I have been intrigued by posts recently about the study Get Excited: Reappraising Pre-Performance Anxiety as Excitement by Alison Wood Brooks.
Brooks identified that most people try to calm down to handle their performance anxiety and contrasted this with asking participants to ‘reappraise their anxiety as excitement’ by either stating “I am excited” or encouraging them to get excited. Experimental studies were conducted across karaoke singing, public speaking and maths performances and found that although the subjective symptoms of anxiety did not lessen, individuals who reappraised their anxiety as excitement improved their performance on independent assessment. Not just talked to themselves differently, but also did better.
This piqued my interest and got me to wondering (as I yet again vacillated about my scheduled writing task), do I suffer from performance anxiety around my writing and may this help? I love writing but like many of us find, sometimes the words flow delightfully easily once I get started and other times I can sit in front of an open document and struggle to get even a single word out. Getting started is often key. When I avoid my desk or when the words don’t flow, could a level of anxiety be underlying my hesitation even if I feel relatively calm? I do think attitude makes a difference but how is that shifted? Once you get ‘on a roll’ certainly excitement seems to be a self-propelling force.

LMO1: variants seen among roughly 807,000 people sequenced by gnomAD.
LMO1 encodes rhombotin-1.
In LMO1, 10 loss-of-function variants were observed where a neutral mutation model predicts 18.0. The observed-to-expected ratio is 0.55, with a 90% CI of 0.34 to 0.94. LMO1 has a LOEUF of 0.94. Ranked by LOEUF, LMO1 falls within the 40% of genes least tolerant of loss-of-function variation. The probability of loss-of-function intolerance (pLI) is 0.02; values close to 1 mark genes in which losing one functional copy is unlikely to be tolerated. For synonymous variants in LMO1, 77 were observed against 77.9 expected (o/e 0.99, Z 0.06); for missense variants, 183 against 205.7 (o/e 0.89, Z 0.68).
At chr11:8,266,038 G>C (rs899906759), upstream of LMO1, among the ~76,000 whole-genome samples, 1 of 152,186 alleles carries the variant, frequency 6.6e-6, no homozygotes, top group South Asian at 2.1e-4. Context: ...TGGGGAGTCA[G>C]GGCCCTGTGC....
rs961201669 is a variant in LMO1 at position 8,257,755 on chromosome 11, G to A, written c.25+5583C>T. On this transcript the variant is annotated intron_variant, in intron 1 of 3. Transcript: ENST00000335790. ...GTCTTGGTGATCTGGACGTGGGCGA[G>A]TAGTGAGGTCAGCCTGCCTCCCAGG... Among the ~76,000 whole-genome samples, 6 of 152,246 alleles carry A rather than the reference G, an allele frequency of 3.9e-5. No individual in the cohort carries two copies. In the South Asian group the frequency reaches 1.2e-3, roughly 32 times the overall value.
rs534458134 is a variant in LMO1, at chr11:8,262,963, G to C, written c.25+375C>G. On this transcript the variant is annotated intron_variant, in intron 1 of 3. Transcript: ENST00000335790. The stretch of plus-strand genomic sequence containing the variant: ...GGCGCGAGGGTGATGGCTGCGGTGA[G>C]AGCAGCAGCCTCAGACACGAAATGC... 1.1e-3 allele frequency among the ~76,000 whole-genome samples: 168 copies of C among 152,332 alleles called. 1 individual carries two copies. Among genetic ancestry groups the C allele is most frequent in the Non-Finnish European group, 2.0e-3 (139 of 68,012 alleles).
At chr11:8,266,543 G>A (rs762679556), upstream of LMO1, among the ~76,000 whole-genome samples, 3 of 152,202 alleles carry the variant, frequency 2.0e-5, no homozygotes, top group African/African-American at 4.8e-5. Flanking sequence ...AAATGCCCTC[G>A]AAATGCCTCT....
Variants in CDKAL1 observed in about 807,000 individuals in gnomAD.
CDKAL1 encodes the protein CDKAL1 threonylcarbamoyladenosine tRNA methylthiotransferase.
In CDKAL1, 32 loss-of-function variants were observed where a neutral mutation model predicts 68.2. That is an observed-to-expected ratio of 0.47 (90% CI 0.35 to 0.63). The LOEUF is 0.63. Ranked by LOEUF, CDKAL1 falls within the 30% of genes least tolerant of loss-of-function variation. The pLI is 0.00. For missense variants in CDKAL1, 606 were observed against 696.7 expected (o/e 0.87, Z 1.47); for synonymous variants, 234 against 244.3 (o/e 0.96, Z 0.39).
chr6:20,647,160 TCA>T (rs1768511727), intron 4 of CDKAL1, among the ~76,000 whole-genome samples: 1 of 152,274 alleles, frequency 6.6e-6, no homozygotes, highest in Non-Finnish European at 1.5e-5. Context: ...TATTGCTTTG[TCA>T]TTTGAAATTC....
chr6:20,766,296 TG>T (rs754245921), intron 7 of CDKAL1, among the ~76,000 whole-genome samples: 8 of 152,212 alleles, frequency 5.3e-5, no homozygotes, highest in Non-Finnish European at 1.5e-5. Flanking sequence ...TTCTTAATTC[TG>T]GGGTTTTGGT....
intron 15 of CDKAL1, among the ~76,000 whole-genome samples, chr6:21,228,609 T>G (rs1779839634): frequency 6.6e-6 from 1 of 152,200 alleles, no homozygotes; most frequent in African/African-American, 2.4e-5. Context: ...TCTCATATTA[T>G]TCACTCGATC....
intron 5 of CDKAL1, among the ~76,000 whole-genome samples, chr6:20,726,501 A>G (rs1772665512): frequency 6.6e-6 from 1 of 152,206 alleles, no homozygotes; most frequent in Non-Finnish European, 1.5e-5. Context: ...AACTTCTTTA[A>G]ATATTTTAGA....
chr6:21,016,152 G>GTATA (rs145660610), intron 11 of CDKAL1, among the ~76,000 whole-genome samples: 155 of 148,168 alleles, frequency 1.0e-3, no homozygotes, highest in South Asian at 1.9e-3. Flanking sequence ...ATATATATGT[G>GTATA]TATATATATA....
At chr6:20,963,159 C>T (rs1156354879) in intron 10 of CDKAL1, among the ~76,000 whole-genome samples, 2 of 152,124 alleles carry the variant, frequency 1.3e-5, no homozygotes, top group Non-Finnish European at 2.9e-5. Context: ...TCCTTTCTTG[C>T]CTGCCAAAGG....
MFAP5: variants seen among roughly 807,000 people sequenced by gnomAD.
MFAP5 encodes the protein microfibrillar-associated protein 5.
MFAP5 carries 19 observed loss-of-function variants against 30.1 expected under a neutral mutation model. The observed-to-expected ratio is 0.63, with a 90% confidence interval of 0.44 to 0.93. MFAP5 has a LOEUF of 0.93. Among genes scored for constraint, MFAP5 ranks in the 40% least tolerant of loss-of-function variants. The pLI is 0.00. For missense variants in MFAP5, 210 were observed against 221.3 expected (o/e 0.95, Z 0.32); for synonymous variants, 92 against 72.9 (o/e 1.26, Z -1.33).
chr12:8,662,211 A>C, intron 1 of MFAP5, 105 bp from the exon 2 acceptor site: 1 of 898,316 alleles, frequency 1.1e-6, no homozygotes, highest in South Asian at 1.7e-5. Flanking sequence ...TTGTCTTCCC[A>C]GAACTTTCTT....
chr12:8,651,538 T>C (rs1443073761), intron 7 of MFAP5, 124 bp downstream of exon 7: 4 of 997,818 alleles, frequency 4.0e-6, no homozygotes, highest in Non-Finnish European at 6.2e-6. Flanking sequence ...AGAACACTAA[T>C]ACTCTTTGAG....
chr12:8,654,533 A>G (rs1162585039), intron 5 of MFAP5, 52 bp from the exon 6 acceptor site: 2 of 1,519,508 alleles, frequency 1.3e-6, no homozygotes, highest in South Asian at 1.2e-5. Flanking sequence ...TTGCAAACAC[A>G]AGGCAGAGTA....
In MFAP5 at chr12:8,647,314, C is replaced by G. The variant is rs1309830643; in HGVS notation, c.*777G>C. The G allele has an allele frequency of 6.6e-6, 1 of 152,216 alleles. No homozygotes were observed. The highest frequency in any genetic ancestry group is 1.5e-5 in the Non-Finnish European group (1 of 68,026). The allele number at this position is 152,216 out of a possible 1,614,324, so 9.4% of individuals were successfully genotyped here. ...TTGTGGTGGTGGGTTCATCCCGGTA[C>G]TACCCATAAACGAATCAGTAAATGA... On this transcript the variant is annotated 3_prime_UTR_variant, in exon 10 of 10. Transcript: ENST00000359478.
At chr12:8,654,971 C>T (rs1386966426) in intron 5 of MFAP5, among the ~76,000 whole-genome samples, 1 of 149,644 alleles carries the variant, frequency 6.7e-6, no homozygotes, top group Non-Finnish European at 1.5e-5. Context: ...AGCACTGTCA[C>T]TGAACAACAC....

Of course I then had to google (instead of write) and indeed I found a search on ‘performance anxiety writing’ (also writers/writer’s block) returned some interesting reading.
Opinion varies between the stance that ALL writer’s block is due to performance anxiety through to the two being completely different beasts. After considering the posts I read, my own experience and those of my creative friends, my take is that performance anxiety IS a real and probably quite frequent contributor but not the only cause. When I am simply too tired or distracted by a major event, my writer’s block isn’t always caused by performance anxiety. I strongly believe I need to show up to write but I also know there are times which aren’t conducive and sometimes I need a break too.